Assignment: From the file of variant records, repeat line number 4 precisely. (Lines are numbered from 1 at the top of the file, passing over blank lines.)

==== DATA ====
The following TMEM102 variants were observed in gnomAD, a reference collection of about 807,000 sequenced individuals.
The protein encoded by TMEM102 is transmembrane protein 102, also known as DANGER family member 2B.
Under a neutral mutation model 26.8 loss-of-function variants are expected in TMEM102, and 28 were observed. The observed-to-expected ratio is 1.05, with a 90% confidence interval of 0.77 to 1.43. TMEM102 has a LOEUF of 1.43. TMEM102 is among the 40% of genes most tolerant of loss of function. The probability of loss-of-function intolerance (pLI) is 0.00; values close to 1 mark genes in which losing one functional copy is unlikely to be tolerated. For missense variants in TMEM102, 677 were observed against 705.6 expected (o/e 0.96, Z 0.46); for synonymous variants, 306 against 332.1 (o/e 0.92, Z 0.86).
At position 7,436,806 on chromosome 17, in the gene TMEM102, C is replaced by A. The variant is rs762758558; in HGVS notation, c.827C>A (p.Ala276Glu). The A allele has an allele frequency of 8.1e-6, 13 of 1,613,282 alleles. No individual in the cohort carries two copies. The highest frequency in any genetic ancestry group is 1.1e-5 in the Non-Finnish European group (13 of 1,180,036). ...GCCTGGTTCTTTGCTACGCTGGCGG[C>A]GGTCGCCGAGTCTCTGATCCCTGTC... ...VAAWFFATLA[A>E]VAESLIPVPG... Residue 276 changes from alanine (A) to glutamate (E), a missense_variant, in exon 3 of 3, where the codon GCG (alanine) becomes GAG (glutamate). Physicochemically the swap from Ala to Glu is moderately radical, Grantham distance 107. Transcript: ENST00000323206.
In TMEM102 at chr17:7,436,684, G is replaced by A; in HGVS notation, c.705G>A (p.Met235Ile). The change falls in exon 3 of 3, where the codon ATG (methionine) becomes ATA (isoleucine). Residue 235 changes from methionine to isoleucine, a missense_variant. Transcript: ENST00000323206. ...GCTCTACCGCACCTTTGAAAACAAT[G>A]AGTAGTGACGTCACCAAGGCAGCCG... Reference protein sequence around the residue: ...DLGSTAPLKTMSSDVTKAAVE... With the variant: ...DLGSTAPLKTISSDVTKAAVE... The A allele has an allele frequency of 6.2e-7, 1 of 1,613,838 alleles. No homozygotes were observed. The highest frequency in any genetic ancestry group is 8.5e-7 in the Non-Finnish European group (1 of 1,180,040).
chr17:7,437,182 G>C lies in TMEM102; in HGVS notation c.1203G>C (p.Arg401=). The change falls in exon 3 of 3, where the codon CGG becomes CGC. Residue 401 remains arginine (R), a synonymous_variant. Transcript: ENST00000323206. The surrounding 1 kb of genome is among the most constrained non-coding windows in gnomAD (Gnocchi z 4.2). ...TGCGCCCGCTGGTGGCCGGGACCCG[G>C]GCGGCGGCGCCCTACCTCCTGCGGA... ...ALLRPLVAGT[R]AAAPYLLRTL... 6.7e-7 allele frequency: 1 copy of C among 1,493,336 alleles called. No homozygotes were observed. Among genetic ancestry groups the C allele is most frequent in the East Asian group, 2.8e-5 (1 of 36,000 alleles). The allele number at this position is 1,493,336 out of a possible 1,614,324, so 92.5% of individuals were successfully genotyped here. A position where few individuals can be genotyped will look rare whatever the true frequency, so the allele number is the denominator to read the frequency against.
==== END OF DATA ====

At position 7,436,806 on chromosome 17, in the gene TMEM102, C is replaced by A. The variant is rs762758558; in HGVS notation, c.827C>A (p.Ala276Glu). The A allele has an allele frequency of 8.1e-6, 13 of 1,613,282 alleles. No individual in the cohort carries two copies. The highest frequency in any genetic ancestry group is 1.1e-5 in the Non-Finnish European group (13 of 1,180,036). ...GCCTGGTTCTTTGCTACGCTGGCGG[C>A]GGTCGCCGAGTCTCTGATCCCTGTC... ...VAAWFFATLA[A>E]VAESLIPVPG... Residue 276 changes from alanine (A) to glutamate (E), a missense_variant, in exon 3 of 3, where the codon GCG (alanine) becomes GAG (glutamate). Physicochemically the swap from Ala to Glu is moderately radical, Grantham distance 107. Transcript: ENST00000323206.